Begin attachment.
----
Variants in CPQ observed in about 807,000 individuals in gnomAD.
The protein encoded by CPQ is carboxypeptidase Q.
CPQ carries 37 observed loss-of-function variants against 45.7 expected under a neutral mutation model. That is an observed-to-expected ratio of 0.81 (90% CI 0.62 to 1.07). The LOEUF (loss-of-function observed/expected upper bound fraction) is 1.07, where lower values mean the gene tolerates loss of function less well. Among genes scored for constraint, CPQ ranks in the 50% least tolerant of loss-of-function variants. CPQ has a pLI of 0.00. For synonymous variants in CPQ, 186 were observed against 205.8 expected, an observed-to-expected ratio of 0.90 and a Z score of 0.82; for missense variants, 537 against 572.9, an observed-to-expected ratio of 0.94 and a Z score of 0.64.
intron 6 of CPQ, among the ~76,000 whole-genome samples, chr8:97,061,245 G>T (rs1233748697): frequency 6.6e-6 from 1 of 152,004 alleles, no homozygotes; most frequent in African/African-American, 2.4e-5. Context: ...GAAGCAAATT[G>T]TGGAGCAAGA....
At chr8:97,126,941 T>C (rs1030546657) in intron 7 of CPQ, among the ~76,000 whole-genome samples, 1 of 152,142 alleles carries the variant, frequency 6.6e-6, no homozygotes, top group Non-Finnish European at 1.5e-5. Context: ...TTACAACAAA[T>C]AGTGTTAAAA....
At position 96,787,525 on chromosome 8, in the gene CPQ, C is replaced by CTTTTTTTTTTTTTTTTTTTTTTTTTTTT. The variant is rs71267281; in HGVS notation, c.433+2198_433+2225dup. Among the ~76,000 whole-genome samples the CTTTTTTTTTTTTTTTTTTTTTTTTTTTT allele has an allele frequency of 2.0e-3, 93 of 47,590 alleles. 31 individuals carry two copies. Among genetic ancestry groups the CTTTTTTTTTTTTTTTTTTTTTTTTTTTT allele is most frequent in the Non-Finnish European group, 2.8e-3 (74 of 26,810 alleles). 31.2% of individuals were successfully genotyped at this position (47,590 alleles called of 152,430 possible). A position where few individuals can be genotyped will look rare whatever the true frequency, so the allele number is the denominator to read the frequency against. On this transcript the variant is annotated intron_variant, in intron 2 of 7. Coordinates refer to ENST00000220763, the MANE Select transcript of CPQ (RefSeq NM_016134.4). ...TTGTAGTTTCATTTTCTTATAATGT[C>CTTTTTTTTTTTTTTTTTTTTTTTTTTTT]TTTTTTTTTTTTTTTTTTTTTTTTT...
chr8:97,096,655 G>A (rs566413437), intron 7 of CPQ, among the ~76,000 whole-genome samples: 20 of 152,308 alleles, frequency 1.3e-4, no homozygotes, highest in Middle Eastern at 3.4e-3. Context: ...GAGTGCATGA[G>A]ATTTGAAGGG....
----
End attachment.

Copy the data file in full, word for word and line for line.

Variants in CPQ observed in about 807,000 individuals in gnomAD.
The protein encoded by CPQ is carboxypeptidase Q.
CPQ carries 37 observed loss-of-function variants against 45.7 expected under a neutral mutation model. That is an observed-to-expected ratio of 0.81 (90% CI 0.62 to 1.07). The LOEUF (loss-of-function observed/expected upper bound fraction) is 1.07, where lower values mean the gene tolerates loss of function less well. Among genes scored for constraint, CPQ ranks in the 50% least tolerant of loss-of-function variants. CPQ has a pLI of 0.00. For synonymous variants in CPQ, 186 were observed against 205.8 expected, an observed-to-expected ratio of 0.90 and a Z score of 0.82; for missense variants, 537 against 572.9, an observed-to-expected ratio of 0.94 and a Z score of 0.64.
intron 6 of CPQ, among the ~76,000 whole-genome samples, chr8:97,061,245 G>T (rs1233748697): frequency 6.6e-6 from 1 of 152,004 alleles, no homozygotes; most frequent in African/African-American, 2.4e-5. Context: ...GAAGCAAATT[G>T]TGGAGCAAGA....
At chr8:97,126,941 T>C (rs1030546657) in intron 7 of CPQ, among the ~76,000 whole-genome samples, 1 of 152,142 alleles carries the variant, frequency 6.6e-6, no homozygotes, top group Non-Finnish European at 1.5e-5. Context: ...TTACAACAAA[T>C]AGTGTTAAAA....
At position 96,787,525 on chromosome 8, in the gene CPQ, C is replaced by CTTTTTTTTTTTTTTTTTTTTTTTTTTTT. The variant is rs71267281; in HGVS notation, c.433+2198_433+2225dup. Among the ~76,000 whole-genome samples the CTTTTTTTTTTTTTTTTTTTTTTTTTTTT allele has an allele frequency of 2.0e-3, 93 of 47,590 alleles. 31 individuals carry two copies. Among genetic ancestry groups the CTTTTTTTTTTTTTTTTTTTTTTTTTTTT allele is most frequent in the Non-Finnish European group, 2.8e-3 (74 of 26,810 alleles). 31.2% of individuals were successfully genotyped at this position (47,590 alleles called of 152,430 possible). A position where few individuals can be genotyped will look rare whatever the true frequency, so the allele number is the denominator to read the frequency against. On this transcript the variant is annotated intron_variant, in intron 2 of 7. Coordinates refer to ENST00000220763, the MANE Select transcript of CPQ (RefSeq NM_016134.4). ...TTGTAGTTTCATTTTCTTATAATGT[C>CTTTTTTTTTTTTTTTTTTTTTTTTTTTT]TTTTTTTTTTTTTTTTTTTTTTTTT...
chr8:97,096,655 G>A (rs566413437), intron 7 of CPQ, among the ~76,000 whole-genome samples: 20 of 152,308 alleles, frequency 1.3e-4, no homozygotes, highest in Middle Eastern at 3.4e-3. Context: ...GAGTGCATGA[G>A]ATTTGAAGGG....